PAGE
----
In(SIGHT)ful Words from Dr. Lindsey Glickfeld

A few days ago, I had a chat with Dr. Lindsey Glickfeld to learn a little more about her and her journey to the Glickfeld Lab. As she was talking, I heard a lot of insightful and comforting words that I hope to share with the blog today. (I also hope you readers appreciate the title because the Glickfeld Lab focuses on perception!)

1. Be Proactive about your Passion

For her undergraduate studies, Dr. Glickfeld attended Stanford University, and like most college students, she didn’t know what she wanted to study. She was always fond towards science and the natural world and followed the path of a Bachelor’s degree in biology. I asked her where her interest in neurobiology began if she had majored in solely biology. She explained that she didn’t know that neurobiology was a thing or a specific field, and it was a little bit of luck that opened the doors. As a freshman, she was sifting through research job listings and saw an opening from a graduate student looking for a research technician. Dr. Glickfeld thought that the opportunities that came with this job looked appealing; she joined this neurobiology lab and stayed for the rest of her time at Stanford!

She graduated from Stanford with a B.S. in biological sciences and attended the University of California at San Diego for her Ph.D., studying inhibitory interneurons in cortical circuits. Her passion in neurobiology continued to flourish during her postdoctoral fellowship at Harvard University. Now, she is an Assistant Professor in the Department of Neurobiology at Duke University, and the principal investigator of the Glickfeld Lab!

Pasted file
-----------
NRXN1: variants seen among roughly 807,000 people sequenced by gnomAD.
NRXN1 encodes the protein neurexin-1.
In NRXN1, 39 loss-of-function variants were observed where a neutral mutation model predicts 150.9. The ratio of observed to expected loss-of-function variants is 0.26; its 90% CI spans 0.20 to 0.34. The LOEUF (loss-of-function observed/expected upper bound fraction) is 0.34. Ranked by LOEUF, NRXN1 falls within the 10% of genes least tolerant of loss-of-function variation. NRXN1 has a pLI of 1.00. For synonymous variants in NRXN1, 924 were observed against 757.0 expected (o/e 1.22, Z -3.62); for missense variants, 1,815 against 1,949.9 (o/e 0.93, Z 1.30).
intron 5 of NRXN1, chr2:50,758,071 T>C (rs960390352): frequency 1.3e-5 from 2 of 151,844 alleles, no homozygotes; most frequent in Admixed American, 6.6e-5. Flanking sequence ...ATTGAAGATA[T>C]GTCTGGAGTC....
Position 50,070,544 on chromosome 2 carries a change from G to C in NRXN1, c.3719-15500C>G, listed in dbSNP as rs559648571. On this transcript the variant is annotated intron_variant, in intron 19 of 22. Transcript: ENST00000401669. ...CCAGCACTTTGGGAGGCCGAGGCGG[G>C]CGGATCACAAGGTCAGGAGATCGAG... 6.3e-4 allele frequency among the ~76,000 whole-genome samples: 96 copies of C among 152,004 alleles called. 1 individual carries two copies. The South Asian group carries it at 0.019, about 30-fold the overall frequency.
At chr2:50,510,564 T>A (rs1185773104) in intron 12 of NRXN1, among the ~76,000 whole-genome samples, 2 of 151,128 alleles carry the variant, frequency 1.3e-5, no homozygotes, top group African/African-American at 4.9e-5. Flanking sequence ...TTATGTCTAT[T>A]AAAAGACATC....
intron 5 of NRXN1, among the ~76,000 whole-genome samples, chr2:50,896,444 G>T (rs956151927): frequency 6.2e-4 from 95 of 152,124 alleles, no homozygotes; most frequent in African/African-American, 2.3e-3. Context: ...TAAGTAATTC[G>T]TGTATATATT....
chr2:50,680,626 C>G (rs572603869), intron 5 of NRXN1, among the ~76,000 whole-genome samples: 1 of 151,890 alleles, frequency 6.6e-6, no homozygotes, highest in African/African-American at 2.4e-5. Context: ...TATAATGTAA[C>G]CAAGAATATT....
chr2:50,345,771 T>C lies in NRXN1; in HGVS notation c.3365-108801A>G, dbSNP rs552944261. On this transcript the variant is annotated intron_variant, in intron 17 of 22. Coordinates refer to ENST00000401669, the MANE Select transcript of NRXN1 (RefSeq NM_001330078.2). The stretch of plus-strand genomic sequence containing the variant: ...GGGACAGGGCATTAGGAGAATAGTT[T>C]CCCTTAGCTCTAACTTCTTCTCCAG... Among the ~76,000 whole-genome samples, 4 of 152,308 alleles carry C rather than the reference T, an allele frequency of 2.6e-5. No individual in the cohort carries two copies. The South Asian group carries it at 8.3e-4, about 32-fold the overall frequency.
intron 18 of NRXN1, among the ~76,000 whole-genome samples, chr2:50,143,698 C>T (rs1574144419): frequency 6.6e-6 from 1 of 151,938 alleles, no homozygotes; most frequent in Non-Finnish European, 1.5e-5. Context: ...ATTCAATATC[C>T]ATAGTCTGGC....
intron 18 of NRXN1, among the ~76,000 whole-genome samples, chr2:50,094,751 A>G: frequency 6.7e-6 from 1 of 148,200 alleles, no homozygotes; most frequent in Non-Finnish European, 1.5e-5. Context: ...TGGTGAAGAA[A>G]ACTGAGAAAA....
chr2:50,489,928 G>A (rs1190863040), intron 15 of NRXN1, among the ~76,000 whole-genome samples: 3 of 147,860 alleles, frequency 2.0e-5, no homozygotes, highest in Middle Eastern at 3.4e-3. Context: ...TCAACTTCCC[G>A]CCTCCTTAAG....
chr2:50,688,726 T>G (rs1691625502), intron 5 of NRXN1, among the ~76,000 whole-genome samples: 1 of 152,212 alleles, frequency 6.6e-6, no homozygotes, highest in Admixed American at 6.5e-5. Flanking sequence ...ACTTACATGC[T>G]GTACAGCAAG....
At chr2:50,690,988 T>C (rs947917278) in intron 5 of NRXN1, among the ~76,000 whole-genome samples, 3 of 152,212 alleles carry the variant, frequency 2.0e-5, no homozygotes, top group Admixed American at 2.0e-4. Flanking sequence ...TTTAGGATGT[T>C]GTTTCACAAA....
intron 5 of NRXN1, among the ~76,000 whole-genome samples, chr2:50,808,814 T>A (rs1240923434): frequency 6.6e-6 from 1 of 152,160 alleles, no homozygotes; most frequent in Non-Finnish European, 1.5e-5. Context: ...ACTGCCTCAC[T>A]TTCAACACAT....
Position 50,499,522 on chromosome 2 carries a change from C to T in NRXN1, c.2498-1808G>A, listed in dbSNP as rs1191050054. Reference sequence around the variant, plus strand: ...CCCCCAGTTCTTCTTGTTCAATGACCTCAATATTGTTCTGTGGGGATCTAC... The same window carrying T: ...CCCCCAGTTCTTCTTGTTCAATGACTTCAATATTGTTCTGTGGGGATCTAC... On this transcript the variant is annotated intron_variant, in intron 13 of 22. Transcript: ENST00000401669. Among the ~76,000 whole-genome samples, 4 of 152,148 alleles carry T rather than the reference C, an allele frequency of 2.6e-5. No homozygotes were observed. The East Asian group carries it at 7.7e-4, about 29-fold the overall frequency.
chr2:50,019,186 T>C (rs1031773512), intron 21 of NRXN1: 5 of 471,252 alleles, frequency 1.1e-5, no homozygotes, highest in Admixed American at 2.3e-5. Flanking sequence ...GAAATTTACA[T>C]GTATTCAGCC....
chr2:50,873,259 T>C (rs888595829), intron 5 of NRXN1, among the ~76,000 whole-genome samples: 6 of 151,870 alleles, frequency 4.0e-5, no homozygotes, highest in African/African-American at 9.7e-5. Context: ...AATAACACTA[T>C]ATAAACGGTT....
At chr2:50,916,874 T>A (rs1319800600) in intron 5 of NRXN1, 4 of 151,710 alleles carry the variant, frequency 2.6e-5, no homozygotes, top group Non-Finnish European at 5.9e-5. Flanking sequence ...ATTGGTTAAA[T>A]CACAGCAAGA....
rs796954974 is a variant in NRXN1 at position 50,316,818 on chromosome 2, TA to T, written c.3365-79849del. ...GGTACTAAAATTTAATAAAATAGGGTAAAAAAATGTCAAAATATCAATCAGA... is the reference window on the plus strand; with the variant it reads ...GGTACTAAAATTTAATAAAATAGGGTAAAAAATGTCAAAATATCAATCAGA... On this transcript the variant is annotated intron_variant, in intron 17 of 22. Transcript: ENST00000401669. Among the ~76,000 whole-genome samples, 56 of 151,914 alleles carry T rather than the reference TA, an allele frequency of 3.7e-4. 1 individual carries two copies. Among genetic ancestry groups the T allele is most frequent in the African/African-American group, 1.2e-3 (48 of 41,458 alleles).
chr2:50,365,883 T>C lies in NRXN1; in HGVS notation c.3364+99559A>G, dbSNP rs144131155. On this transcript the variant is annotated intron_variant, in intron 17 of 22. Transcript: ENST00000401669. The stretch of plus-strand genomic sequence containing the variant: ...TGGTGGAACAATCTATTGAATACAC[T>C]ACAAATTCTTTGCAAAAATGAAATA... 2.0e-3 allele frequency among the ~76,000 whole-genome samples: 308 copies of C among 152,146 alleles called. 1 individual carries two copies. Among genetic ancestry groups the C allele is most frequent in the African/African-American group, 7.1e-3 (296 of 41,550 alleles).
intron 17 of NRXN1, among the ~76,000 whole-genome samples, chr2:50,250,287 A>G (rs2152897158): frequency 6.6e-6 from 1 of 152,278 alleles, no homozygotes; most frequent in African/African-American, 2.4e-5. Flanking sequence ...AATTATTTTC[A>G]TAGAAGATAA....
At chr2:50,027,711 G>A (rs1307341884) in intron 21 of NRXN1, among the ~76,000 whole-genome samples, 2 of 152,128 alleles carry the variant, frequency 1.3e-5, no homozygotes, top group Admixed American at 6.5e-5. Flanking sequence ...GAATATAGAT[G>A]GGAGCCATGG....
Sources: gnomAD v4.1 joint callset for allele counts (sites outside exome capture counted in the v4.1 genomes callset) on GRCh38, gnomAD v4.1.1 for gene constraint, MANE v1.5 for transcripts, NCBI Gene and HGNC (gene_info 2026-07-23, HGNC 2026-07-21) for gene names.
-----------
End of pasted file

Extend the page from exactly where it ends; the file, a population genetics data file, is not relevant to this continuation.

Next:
2. Some Lessons Learned

“Learn to code.” As an undergraduate, Dr. Glickfeld was not sure whether to take an introductory computer science class or another biological sciences class. When she turned to a graduate student in her lab, the second opinion told her not to waste her time with the computer science class. The graduate student’s justification was that the programs and code functions in the comp-sci class could be found online. It wasn’t until Dr. Glickfeld was a postdoc that she first learned how to code and encourages others to learn how to code early.

“When the research is working . . . make hay.” As an experienced researcher, Dr. Glickfeld tries to extract different types of data from the same experiment to save time and money. She covers all the bases and passes down this tip to lab members. In fact, the project I am working on now was kicked off by past data that was reanalyzed in MatLab; so when experiments are working, “make hay because it always comes in handy.”

3. Silly Moments in Science

When Dr. Glickfeld first arrived to Duke to start up the Glickfeld Lab, she came with Dr. Court Hull, who is our next door neighbor in the Bryan Research Building. They were setting up some new equipment and finished getting the 2-photon microscope ready. Everyone in both labs were super excited and ready to image a mouse brain under the scope. Because the 2-photon microscope fires lasers that may damage eyesight, everyone gathered around the scope with safety goggles. Dr. Glickfeld remembers how silly they all looked, squished around in a circle, waiting for something to show up on the microscope. After spending all that time setting up the equipment, no data showed up; they saw nothing. She laughed recalling this moment and apologized for not telling a science related memory. Yet, I appreciated that her favorite memory in lab was non-scientific, and I wanted to share this memory to show the community that has been built between these two labs.

I’ve become more and more comfortable being here at the Glickfeld Lab knowing that I have a kind and supportive mentor ready to help. I hope anyone reading gets a better feel on what the environment at the Glickfeld Lab is like, and I am enthusiastic for what’s to come!

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